This bulldog mentality goes all the way back to Oats’ playing days. No more than 50 miles from Marquette’s campus, Oats played Division III basketball at Marantha Baptist University in Watertown, Wisconsin.

“I was a blue collar guy,” he says, recalling a signature win against D-III powerhouse Ripon College in which he played 38 minutes and shot the ball only twice. He was scrappy, yet dismayed by the fact that he “wasn’t really allowed to shoot.”

So when he became a coach, he was determined to let his players be free.

“I didn’t want to be that coach that guys are looking over at the bench, scared to shoot,” he said.

It’s a big reason why the average Buffalo offensive possession lasts fewer than 15 seconds. They play at blazing speeds, and the first open shot is a good one. Oats is happy with anyone shooting their shot.

That is, as long as they played hard. In his second year at Buffalo, Oats felt like his team was soft, and was looking for a way to fix it. He came up with a gimmick, a blue construction hard hat given to the player who collected the most “blue collar points.” Four points for taking a charge, two points for diving on the floor, one and a half for an offensive rebound, one for deflections, loose balls, steals, and defensive boards.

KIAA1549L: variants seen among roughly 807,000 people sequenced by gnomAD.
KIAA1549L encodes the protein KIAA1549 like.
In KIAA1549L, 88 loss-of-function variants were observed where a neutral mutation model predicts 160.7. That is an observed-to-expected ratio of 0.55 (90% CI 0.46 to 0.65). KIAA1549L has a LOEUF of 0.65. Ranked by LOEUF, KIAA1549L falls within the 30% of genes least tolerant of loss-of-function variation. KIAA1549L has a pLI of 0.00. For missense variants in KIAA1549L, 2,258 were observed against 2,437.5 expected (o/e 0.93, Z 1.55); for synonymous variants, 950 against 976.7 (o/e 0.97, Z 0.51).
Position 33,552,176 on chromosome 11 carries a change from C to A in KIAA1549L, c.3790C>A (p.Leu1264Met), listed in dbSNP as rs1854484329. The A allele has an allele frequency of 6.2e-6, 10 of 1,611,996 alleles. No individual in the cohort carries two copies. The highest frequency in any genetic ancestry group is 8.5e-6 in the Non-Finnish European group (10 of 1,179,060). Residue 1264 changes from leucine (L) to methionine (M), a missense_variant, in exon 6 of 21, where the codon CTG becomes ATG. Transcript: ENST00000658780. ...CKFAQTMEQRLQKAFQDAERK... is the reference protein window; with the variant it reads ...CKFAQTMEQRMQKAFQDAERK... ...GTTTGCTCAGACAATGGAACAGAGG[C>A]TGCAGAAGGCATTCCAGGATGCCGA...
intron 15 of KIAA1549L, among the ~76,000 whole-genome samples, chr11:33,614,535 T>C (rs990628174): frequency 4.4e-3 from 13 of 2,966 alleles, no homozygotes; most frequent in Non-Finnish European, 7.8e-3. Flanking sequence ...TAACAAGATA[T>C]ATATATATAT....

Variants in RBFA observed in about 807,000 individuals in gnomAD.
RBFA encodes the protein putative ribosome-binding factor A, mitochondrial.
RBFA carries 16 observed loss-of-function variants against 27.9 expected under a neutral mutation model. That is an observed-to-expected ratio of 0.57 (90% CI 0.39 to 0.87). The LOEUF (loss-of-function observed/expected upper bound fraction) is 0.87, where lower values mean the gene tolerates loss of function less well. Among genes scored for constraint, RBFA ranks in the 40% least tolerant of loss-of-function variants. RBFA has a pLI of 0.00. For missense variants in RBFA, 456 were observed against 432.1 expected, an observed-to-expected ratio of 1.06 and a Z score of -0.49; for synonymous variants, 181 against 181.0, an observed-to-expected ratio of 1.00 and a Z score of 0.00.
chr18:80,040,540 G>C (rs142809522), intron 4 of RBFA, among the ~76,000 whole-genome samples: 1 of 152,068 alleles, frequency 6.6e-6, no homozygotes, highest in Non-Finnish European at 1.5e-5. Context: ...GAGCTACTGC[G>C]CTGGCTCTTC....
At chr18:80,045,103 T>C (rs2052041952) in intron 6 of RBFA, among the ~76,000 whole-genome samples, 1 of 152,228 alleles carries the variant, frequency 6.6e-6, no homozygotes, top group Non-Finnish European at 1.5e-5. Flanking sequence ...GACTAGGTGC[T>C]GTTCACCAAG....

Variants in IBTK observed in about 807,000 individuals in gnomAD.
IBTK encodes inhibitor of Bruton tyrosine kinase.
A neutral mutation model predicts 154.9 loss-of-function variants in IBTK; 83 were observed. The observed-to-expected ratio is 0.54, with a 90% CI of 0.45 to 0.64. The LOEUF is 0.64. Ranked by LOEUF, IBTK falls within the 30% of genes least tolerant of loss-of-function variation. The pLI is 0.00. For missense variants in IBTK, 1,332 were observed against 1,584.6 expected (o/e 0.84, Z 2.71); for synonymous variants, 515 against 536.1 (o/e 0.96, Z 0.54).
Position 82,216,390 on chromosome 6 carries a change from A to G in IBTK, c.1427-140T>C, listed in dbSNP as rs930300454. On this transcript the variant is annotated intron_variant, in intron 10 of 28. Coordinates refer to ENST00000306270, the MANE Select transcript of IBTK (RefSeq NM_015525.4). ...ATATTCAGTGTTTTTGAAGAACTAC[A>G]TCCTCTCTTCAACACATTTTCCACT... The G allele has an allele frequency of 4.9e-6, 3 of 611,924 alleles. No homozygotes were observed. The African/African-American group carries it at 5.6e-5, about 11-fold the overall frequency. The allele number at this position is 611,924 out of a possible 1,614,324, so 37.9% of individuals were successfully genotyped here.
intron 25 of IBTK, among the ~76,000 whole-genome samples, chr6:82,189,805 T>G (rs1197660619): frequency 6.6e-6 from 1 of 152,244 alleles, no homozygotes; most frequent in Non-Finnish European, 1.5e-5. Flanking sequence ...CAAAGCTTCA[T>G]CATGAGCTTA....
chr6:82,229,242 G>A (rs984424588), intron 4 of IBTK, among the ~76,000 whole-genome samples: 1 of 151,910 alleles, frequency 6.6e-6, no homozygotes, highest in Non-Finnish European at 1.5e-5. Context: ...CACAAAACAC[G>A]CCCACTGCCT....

It became one of the building blocks in Oats’ new culture. He put together a culture playbook centered on the principles of maximum effort, continuous growth and selfless love. He hired a mental skills coach to come in and work with the team twice per week. And this season, Oats doubled down, putting up plaques for each game’s blue collar hard hat winner in the locker room and giving the team gray logoed t-shirts that say “Blue Collar Mentality” on the back. Playing aggressively has become their mantra.

Coming into Friday’s game, Oats had good reason to believe he could shut down Howard. At his disposal was each of the last two MAC Defensive Players of the Year in 6’1 senior Dontay Caruthers and 6’2 junior Davonta Jordan. It’s Jordan who drew the assignment of guarding Howard.

“My game plan was to try to limit his touches, stay solid, make him score over me, make every shot he take contested, and make him take tough shots,” he said.

Offensively, Oats tells his team at the walk through that he wants to “run Howard through a million screens” to tire him out.